MG: Yeah, I hope Meredith’s theory is right. I mean, the amount of sublease space on the market has dropped down significantly in the last two quarters. So the view that downtown’s going to go away, that’s not the case. We’re also going to see office hoteling as well. Whereas, traditionally, you had your own space. Now, it’s yours for the days you’re there. It’s gonna be somebody else’s the days that they’re there. And so ultimately, companies can certainly improve their spaces as Meredith said, but I also expect to see some scaling down. Because as companies continue to grow, it’s likely that they’re not going to increase the size of the mothership. They’ll go to what’s called a hub and spoke model. A hub and spoke model is you’ll have your central location, but as you grow, you’ll send spokes out into other markets and create subordinated offices there. So I think we’re also going to see an emergence of suburban office space as well.
There was an increase in demand for having multiple home offices, or at least one home office. Do we think that’s something that folks are going to continue to look for in the years to come?
MH: Well, they’ll put air conditioning in next time.
MG: Ha, yeah. Less than 50 percent of all homes in the city of Seattle have air conditioning. But I think, well, yes. One of the demands that I’m hearing our brokers saying is that, if they’re looking for a home, it’s got to have a space, either a home office, or at least a dedicated Zoom space. Also, high-speed internet access is increasingly important. And that’s going to be a demand of theirs as well. And on the new construction side, homes have actually been getting smaller up until the pandemic hit, and now they’re getting bigger. So less open-floor plans, and certainly the old home office…they’re now coming back, [as is] more separation in rooms.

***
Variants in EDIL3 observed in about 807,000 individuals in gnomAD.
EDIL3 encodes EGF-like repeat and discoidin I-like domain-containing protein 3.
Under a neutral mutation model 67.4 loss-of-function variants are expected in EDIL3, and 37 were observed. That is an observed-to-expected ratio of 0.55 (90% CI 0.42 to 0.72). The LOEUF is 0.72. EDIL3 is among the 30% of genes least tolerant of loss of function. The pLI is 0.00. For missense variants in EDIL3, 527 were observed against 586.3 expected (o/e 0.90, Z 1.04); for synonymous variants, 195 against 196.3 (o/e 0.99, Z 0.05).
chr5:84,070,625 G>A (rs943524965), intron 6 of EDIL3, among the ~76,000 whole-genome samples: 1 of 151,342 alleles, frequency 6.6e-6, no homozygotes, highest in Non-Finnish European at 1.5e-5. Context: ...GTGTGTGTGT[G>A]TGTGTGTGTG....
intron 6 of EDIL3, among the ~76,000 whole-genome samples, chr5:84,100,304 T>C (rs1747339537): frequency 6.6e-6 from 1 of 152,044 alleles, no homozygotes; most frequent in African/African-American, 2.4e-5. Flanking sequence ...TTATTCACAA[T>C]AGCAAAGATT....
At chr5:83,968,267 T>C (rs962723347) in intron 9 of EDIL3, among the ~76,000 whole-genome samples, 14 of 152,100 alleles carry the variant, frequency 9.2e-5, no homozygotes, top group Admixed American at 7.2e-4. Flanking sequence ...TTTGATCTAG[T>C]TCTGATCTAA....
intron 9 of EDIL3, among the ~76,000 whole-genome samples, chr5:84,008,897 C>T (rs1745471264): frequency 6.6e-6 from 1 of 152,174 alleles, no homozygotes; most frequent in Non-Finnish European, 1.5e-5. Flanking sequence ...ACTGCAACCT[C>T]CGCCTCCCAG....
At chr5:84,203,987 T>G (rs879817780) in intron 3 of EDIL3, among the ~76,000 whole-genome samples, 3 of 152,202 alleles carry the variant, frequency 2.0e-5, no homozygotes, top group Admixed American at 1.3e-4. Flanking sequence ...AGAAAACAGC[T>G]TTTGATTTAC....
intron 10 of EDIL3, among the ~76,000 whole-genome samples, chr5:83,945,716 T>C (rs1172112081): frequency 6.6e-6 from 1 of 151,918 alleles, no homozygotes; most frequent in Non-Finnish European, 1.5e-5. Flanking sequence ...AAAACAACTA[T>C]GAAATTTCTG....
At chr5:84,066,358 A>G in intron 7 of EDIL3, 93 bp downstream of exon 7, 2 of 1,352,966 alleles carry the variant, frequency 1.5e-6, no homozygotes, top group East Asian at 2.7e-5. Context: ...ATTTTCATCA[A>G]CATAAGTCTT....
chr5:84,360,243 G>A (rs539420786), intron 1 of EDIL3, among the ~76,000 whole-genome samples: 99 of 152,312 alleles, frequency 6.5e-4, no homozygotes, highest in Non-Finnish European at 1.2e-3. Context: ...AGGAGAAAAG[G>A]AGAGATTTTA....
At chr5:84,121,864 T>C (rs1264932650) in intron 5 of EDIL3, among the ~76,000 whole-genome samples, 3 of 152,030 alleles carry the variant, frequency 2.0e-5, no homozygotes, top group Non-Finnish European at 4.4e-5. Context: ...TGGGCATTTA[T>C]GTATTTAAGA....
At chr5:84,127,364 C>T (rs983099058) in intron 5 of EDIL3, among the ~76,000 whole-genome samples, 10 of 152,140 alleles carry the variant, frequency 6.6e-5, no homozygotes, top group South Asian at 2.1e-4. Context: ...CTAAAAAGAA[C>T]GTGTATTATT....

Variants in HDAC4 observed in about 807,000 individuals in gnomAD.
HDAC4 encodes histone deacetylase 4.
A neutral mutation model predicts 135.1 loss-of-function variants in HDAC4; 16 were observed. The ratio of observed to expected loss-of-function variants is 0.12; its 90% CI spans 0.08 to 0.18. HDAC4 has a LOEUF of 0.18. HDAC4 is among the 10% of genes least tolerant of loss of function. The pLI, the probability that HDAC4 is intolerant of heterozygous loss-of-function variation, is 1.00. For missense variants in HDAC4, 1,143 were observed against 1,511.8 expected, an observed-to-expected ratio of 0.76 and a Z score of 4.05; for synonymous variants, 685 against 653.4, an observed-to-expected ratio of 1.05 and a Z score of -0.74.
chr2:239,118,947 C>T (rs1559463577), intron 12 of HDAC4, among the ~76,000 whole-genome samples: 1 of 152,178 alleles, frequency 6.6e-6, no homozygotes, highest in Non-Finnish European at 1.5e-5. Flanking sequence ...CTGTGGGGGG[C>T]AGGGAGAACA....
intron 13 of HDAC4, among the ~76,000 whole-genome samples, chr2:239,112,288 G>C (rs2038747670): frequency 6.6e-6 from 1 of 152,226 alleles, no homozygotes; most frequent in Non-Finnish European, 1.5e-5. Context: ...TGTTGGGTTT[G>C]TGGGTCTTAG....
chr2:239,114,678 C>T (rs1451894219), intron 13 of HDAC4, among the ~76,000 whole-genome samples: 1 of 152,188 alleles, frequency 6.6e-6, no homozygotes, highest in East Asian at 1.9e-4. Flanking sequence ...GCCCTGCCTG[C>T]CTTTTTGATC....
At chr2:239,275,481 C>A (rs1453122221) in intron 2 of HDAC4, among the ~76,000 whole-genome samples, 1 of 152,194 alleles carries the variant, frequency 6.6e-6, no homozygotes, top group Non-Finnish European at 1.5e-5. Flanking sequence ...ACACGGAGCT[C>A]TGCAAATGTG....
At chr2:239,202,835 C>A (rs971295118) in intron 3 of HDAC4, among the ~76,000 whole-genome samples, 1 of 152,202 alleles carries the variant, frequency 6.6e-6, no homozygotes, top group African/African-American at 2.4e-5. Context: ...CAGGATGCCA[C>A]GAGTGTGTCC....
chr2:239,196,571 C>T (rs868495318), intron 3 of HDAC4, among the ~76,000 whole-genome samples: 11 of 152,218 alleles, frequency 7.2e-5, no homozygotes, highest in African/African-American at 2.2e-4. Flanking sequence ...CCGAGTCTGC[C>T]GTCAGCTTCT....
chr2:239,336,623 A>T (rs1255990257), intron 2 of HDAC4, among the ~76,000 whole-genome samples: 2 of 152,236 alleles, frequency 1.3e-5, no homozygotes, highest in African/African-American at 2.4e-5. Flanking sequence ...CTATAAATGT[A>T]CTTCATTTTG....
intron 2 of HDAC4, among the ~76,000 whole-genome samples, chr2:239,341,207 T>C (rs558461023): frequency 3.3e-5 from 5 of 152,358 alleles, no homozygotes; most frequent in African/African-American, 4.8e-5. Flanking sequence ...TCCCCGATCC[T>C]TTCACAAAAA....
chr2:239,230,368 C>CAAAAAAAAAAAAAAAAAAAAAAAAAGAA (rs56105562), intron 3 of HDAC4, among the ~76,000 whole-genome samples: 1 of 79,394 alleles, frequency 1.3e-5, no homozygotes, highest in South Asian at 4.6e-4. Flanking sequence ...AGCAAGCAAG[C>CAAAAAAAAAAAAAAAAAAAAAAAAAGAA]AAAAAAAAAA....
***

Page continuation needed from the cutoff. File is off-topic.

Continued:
You mentioned, Matthew, some folks who were renting becoming buyers, but on the whole this has been such a hot market, and it’s been really hard for first-time homebuyers, especially, to get in. What will it take for Seattle to become a more buyer-friendly space? How long will that take?
MG: If there’s one thing that keeps me up at night, and has been for years, it’s housing affordability. If you look at median income for a first-time buyer, let’s say in King County, he can afford to pay just under $400,000. There’s about 28 single-family listings in King County at that price, or below. It’s woefully inadequate. So how to address it: Seventy percent of the residential land in the city of Seattle is zoned single-family, which is ridiculous. It made sense in 1937, when zoning was founded. It made sense through probably the mid to late ’60s. It makes no sense now. So we can’t make any more land, we know that. Water, mountains—it just doesn’t work that way.